More people are using walk-in clinics to obtain medical care, based on a recent report produced by Harris Interactive and HealthDay.

Harris Interactive surveyed 3,036 adults in the U.S. over the age of 18 about their use of retail health clinics located in pharmacies, superstores and workplaces. The survey reported that usage of walk-in clinics has increased 7 percent since 2008 and is expected to continue to grow.

The poll revealed that 27 percent of adults have used any type of walk-in clinic for medical care, with 19 percent using a clinic at a retail site and 11 percent using a work-based onsite clinic.

Key factors linked to respondents’ use of walk-in clinics are age, physician shortages and convenience.

Age Matters

The study showed that young adults between the ages of 25 and 29 are more likely to use a walk-in clinic. Forty percent of this group had visited a clinic, which compares to 15 percent for adults ages 65 and older.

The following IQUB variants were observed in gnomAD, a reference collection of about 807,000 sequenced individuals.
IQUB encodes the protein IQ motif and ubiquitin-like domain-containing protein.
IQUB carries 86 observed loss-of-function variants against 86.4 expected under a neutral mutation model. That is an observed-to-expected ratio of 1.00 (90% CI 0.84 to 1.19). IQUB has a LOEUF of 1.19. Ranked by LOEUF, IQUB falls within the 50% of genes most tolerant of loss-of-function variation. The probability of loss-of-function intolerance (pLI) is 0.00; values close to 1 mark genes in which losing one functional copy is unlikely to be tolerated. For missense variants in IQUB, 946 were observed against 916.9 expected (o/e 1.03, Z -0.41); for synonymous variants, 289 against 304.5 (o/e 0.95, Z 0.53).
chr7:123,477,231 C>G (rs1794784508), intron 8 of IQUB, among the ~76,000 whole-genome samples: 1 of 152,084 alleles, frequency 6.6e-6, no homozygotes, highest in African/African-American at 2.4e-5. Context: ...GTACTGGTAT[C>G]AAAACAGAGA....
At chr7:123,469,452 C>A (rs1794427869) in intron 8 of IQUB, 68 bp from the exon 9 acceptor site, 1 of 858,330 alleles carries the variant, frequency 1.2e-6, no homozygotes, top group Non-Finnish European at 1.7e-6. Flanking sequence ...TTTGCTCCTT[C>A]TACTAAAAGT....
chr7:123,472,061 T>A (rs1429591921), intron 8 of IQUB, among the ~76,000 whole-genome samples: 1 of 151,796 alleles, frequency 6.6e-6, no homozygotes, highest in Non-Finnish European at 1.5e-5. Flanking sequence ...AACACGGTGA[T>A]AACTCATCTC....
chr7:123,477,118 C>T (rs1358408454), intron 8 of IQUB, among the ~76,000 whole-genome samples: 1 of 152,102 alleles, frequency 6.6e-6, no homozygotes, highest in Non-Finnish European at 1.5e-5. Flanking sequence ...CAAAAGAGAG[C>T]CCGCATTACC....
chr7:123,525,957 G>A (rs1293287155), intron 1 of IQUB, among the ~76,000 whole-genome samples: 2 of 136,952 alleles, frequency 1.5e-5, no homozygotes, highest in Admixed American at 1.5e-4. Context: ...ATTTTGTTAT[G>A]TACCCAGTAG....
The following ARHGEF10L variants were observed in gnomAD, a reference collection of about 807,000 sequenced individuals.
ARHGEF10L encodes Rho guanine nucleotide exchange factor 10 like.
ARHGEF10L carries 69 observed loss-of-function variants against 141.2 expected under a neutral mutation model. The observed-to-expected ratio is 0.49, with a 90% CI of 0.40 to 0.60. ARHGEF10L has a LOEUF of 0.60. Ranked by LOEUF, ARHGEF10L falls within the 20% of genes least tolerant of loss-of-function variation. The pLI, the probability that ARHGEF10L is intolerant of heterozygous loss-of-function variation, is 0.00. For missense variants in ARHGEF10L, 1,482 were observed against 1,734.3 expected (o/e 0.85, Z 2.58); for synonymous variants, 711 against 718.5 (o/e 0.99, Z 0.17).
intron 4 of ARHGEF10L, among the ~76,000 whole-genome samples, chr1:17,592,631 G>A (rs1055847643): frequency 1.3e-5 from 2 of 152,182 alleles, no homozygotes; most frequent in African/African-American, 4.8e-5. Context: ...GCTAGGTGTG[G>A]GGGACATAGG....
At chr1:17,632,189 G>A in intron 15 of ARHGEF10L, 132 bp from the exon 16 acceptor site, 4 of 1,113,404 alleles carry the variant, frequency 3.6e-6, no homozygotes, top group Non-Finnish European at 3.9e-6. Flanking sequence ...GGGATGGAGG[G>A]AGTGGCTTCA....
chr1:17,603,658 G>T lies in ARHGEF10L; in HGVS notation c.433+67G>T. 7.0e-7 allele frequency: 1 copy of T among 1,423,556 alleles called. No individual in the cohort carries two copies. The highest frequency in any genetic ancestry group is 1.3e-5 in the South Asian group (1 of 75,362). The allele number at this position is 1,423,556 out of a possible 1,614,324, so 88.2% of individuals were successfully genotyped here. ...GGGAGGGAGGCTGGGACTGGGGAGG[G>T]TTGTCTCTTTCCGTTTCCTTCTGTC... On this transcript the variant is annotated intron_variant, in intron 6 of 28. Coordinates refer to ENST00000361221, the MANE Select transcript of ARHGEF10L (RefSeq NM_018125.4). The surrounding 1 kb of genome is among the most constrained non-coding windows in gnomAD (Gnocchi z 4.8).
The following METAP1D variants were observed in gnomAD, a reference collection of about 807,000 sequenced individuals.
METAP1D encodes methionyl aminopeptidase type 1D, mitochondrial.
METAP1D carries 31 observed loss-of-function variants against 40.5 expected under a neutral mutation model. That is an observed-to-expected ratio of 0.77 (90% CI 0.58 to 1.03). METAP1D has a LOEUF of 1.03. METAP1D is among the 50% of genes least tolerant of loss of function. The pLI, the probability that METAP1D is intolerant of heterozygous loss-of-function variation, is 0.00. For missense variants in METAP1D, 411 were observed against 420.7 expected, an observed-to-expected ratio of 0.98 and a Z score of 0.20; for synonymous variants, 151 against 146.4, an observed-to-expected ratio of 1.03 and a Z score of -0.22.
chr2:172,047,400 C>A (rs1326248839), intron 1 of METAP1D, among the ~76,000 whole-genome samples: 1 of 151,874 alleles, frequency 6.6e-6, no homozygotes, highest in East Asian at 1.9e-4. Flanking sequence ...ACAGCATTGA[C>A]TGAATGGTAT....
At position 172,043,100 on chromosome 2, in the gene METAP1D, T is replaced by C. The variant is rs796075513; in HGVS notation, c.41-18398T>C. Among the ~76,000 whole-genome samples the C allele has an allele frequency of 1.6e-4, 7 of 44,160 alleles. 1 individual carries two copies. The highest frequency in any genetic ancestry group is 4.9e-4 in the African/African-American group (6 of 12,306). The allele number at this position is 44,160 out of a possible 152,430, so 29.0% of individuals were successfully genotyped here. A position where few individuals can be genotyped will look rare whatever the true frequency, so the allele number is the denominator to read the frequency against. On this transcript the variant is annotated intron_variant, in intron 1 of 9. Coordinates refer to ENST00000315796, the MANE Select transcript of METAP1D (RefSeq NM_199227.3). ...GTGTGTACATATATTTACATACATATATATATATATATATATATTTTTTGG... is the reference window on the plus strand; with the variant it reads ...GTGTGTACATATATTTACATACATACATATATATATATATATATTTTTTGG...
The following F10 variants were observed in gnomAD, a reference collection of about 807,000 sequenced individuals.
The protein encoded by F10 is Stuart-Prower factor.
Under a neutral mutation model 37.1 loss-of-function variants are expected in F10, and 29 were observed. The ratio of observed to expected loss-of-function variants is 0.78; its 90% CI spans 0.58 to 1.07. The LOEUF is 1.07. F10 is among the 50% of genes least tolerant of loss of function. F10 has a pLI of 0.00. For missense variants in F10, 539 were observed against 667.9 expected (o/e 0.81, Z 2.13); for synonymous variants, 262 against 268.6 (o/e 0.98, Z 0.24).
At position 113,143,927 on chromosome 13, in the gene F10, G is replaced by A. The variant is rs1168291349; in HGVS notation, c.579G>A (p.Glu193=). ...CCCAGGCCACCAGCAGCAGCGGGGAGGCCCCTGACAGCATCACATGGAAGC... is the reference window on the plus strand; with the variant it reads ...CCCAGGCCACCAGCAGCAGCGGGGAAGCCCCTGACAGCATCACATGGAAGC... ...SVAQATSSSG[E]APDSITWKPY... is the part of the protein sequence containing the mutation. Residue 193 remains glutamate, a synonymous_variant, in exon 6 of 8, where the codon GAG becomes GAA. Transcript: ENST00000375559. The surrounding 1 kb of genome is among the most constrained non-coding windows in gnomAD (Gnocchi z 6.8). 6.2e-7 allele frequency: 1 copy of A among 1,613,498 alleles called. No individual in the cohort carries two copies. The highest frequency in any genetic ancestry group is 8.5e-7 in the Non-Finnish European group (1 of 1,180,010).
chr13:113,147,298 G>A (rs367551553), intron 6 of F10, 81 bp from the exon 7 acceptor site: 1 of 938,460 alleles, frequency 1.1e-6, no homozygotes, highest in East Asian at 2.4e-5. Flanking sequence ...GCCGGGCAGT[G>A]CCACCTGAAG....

Shortage of Primary Care Physicians

The shortage of primary care physicians makes adults more likely to drop into a retail clinic for some acute care services. Respondents used these clinics to obtain:

  • Cold or flu treatment, reported by 38 percent
  • Flu shots, 32 percent
  • Prescriptions, 30 percent
  • Minor cut or wound treatment, 19 percent
  • General check-ups, 15 percent

Few respondents indicated they would use a retail clinic for more serious concerns.


Consumers’ desire for easy access to affordable medical care fuels the growth of walk-in clinics. Most walk-in clinics do not require an appointment and have affordable prices. They also have convenient locations, short waiting times and accessible hours.

The survey found that adults’ top reasons for using a walk-in clinic were:

  • 58 percent used a retail walk-in clinic because they did not need to make an appointment.
  • 51 percent said the location of the clinic was convenient.
  • Almost 38 percent of the respondents said they did not have to wait as long to see a medical professional.

Read the full report produced by Harris Interactive/HealthDay here.